- Category : Politics-Labor-unions
- Type : ME
- Profile : 2/4 - Hermit / Opportunist
- Definition : Single
- Incarnation Cross : RAX Planning 2
A Scottish coal miner and dedicated Communist and regarded as a working class hero, Mick McGahey became chairman of the local branch of his union when he was only eighteen and thereafter progressed through its echelons, though never quite reaching the national presidency. He was elected to the Scottish Executive of the NUM in 1958, becoming president of the Scottish area in 1967. He was regarded as a highly competent operator but his strongly militant line was opposed by others in the Union. He was defeated in the 1971 elections for National President by Joe Gormley. McGahey was, however, elected National Vice-President of the NUM in 1972. He made similar progress in the Communist Party of Great Britain (CPGB), being elected to its Executive in 1971. He remained a member until the CPGB dissolved in 1991 and then joined its successor in Scotland, the Communist Party of Scotland.
He was regarded by those close to him as warm and companionable, and - by the conference journalists he opened up to - as an entertaining conversationalist. Some on the employers’ side with whom he had worked felt that he could often be pragmatic. These qualities (and a love of poetry) were hidden from the wider public by his rasping voice - the product of 25 years underground and a lifetime smoking - coupled with an enduring Lanarkshire accent and a pugnacious oratorical style.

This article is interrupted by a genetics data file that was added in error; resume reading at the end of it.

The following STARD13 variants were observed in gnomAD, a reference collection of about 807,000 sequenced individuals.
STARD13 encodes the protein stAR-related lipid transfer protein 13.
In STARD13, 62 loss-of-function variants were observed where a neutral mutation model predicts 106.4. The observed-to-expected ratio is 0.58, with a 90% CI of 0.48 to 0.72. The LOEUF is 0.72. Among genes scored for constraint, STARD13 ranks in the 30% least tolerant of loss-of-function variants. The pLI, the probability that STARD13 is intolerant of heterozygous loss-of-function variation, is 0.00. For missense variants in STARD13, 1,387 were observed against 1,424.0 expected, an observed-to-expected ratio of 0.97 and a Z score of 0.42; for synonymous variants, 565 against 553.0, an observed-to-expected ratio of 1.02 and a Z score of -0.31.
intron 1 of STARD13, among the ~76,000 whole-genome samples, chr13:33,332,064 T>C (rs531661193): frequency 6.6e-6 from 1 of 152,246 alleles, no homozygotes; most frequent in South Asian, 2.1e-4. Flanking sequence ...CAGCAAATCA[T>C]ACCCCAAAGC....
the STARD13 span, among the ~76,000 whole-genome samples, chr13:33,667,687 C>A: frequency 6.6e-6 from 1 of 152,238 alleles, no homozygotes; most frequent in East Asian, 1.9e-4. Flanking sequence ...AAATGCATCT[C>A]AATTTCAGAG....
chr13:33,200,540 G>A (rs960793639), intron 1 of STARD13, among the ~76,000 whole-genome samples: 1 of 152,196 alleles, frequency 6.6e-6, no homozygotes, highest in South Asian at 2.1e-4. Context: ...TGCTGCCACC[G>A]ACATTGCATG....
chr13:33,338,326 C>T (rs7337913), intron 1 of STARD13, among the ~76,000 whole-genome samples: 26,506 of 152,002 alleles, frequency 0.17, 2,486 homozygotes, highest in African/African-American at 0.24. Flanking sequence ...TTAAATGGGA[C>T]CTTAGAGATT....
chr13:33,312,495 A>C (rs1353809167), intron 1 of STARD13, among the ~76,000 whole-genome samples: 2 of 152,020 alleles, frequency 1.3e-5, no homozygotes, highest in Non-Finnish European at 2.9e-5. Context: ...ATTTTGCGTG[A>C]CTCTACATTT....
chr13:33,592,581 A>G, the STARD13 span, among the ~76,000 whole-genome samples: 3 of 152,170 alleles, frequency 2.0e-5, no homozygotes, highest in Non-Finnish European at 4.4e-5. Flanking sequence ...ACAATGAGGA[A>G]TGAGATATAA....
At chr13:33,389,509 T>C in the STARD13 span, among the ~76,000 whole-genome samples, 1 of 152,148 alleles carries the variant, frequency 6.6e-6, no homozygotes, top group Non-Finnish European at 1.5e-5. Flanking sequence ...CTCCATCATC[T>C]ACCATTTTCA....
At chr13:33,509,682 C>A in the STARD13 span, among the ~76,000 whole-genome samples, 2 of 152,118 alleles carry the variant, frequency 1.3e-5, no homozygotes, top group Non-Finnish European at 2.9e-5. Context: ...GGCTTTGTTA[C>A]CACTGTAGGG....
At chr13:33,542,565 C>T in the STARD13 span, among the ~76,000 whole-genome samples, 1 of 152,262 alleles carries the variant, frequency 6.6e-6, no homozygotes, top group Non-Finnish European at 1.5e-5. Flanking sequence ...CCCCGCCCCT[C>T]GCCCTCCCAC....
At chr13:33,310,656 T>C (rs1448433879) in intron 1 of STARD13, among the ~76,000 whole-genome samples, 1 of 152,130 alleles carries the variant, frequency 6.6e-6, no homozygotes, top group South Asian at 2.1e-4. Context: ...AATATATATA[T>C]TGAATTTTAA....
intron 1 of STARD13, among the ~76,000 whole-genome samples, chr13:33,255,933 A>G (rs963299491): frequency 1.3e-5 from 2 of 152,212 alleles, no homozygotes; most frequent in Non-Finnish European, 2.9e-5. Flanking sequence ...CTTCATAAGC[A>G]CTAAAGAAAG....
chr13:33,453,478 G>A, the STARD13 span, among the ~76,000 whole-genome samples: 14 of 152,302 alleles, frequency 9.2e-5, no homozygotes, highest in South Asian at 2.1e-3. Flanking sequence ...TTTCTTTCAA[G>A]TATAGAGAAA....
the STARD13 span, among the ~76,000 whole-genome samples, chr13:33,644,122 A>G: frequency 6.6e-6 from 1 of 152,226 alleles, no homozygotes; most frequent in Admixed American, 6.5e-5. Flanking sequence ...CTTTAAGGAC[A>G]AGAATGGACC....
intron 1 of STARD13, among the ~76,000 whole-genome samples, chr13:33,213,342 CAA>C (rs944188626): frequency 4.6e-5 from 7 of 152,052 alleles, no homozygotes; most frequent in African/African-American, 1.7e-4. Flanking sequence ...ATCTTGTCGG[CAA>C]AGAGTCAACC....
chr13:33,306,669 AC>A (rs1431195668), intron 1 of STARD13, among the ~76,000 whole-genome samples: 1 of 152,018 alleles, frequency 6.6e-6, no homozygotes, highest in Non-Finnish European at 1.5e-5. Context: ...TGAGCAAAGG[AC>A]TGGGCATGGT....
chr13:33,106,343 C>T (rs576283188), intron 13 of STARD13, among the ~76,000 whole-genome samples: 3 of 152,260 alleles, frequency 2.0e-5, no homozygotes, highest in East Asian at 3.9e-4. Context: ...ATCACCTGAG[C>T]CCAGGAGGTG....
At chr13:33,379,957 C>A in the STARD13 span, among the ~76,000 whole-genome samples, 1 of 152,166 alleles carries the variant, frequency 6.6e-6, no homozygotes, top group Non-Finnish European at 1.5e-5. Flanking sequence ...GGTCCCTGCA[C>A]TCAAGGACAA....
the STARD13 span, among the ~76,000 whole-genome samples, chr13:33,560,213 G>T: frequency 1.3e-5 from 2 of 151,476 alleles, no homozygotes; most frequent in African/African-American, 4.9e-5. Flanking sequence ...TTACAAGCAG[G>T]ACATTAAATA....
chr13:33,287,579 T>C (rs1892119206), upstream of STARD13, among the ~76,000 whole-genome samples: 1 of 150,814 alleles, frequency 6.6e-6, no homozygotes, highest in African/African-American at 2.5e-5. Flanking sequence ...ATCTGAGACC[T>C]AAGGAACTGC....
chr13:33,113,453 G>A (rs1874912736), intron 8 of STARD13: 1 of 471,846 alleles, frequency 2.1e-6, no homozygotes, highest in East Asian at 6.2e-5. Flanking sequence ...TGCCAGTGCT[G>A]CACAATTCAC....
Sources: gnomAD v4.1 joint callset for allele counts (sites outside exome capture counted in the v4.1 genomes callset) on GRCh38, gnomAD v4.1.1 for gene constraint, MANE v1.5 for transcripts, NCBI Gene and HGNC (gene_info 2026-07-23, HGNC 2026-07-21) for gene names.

He came to the attention of the public during the Miners Strikes of 1972 and 1974. He later claimed these were purely industrial disputes, made political by the then Prime Minister, Edward Heath. Nevertheless, he took a characteristically militant line, opposing some of the tactics of the Union President, Joe Gormley, accusing him of “ballotisis” and swearing he would not be “constitutionalised” out of a national strike. Gormley, it was later claimed, postponed his own retirement until 1981, by which time McGahey was over 55, too old by union rules to stand for President.